In its January 2014 issue, Choice published its list of outstanding academic titles for 2013. Included among those works were five books written by Wilson Center scholars, two of which were published by the Wilson Center Press and three of which were projects that the scholars worked on while at the Center.
The books and authors are detailed below:
Sharing the Prize: the Economics of the Civil Rights Revolution in the American South (Belknap/Harvard, 2013) was authored by Gavin Wright, a Wilson Center Fellow from 2010-2011. At the Center, Wright focused on the economic history of the Civil Rights Movement, and his book details the strides that African-Americans were able to make from the 1960s onwards, which he argues was a non-zero sum game that was to the advantage of both blacks and whites.
History, Geography & Area Studies
Plutopia: Nuclear Families, Atomic Cities, and the Great Soviet and American Plutonium Disasters (Oxford, 2013) provides an account of the first two cities to produce plutonium, Richland, Washington and Ozersk, Russia, and how these idealistic communities helped conceal the fallout from the nuclear programs. In 2007, author Kate Brown was a 2007 Kennan Institute Research Scholar who studied the production of space as a means of power in the Soviet Union and in the United States.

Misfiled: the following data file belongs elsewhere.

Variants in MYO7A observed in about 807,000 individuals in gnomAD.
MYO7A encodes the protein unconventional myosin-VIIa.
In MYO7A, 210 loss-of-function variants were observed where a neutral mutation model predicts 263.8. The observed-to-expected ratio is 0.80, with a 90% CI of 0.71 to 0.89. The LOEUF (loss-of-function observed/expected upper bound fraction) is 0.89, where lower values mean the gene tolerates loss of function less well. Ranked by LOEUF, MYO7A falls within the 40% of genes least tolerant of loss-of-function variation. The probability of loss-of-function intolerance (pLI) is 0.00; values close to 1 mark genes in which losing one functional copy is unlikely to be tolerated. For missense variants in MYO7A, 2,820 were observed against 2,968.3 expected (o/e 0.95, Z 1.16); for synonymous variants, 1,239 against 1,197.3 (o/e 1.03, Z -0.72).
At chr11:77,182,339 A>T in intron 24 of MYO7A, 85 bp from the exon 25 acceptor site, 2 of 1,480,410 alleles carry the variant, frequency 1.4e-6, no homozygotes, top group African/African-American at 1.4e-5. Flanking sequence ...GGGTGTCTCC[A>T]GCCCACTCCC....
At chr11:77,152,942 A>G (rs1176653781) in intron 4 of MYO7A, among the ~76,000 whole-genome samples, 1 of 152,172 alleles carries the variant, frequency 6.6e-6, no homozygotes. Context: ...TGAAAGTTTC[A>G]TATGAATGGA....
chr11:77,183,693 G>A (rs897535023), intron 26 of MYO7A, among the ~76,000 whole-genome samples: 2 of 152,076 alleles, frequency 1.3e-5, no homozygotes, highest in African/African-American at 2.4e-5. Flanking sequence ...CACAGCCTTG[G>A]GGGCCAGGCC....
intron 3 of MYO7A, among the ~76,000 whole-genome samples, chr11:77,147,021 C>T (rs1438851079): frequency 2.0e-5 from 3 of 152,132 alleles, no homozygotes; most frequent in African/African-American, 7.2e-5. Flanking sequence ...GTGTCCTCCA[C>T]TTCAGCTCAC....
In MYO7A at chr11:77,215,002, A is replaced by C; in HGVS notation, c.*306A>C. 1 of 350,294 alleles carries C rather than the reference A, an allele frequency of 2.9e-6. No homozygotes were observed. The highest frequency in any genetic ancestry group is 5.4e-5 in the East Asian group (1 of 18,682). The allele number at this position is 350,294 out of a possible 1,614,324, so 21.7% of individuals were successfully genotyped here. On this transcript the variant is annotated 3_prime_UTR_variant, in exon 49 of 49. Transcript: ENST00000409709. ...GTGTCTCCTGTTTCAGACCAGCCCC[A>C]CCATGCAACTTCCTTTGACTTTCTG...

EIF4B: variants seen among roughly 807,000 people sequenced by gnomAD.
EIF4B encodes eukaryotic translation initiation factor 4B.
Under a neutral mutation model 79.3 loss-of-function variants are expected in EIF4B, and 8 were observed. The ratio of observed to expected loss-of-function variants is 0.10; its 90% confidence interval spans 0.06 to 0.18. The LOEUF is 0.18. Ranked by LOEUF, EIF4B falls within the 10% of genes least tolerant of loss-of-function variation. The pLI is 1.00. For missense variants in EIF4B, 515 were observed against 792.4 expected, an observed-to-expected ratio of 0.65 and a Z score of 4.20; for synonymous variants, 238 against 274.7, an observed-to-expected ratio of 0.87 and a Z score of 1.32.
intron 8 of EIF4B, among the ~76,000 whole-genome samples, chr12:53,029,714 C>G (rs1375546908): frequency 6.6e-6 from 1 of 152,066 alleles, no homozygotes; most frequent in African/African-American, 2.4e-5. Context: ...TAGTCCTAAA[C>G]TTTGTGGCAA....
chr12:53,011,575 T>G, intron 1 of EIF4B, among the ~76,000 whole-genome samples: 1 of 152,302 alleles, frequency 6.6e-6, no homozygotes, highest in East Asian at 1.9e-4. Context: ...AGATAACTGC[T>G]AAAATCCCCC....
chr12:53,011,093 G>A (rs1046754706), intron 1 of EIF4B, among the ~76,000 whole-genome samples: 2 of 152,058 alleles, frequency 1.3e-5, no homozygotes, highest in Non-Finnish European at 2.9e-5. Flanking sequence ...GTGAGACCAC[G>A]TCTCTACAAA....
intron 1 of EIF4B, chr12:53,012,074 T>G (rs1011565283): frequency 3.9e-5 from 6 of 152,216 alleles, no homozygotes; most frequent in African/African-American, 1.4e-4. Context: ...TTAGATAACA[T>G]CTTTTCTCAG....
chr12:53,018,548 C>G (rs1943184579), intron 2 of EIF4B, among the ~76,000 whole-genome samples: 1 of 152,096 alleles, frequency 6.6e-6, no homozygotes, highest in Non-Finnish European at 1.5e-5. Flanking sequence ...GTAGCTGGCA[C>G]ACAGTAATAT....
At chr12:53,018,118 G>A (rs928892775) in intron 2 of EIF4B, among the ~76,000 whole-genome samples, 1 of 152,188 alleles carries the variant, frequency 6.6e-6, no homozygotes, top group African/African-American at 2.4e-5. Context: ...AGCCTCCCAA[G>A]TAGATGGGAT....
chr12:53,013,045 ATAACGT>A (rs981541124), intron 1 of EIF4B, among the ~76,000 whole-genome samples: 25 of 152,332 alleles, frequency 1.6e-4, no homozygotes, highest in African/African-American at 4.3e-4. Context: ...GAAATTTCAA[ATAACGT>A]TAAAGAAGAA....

Battleground Africa: Cold War in the Congo, 1960-1965 (Woodrow Wilson Center/Stanford, 2013) was written by Lise Namikas, a 2004 Kennan Institute Research Scholar. During her time at the Center, Namikas examined how the Cold War played out in the Republic of the Congo. Her book discusses the Congo Crisis and the militarization of US-Soviet tensions in Africa.
Central & Eastern Europe
The Great Game, 1857-1907: Russo-British relations in Central and East Asia (Woodrow Wilson Center/Johns Hopkins, 2013) analyzes the power struggle between the British and Russians in Asia during the latter half of the 19th century. Author Evgeny Sergeev argues that the Great Game was not a forerunner to the Cold War. Sergeev was a 2006 Kennan Institute Scholar and studied Russian military intelligence at the turn of the 20th century at the Wilson Center.
Democracy Prevention: the Politics of the U.S.-Egyptian Alliance (Cambridge, 2012) was written by Jason Brownlee, a Middle East Program Fellow from 2010-2011. The book looks at authoritarianism in Egypt and why the US has supported anti-democratic leaders despite calling for political reform. At the Center, Brownlee examined US-Egyptian relations following the Camp David Accords.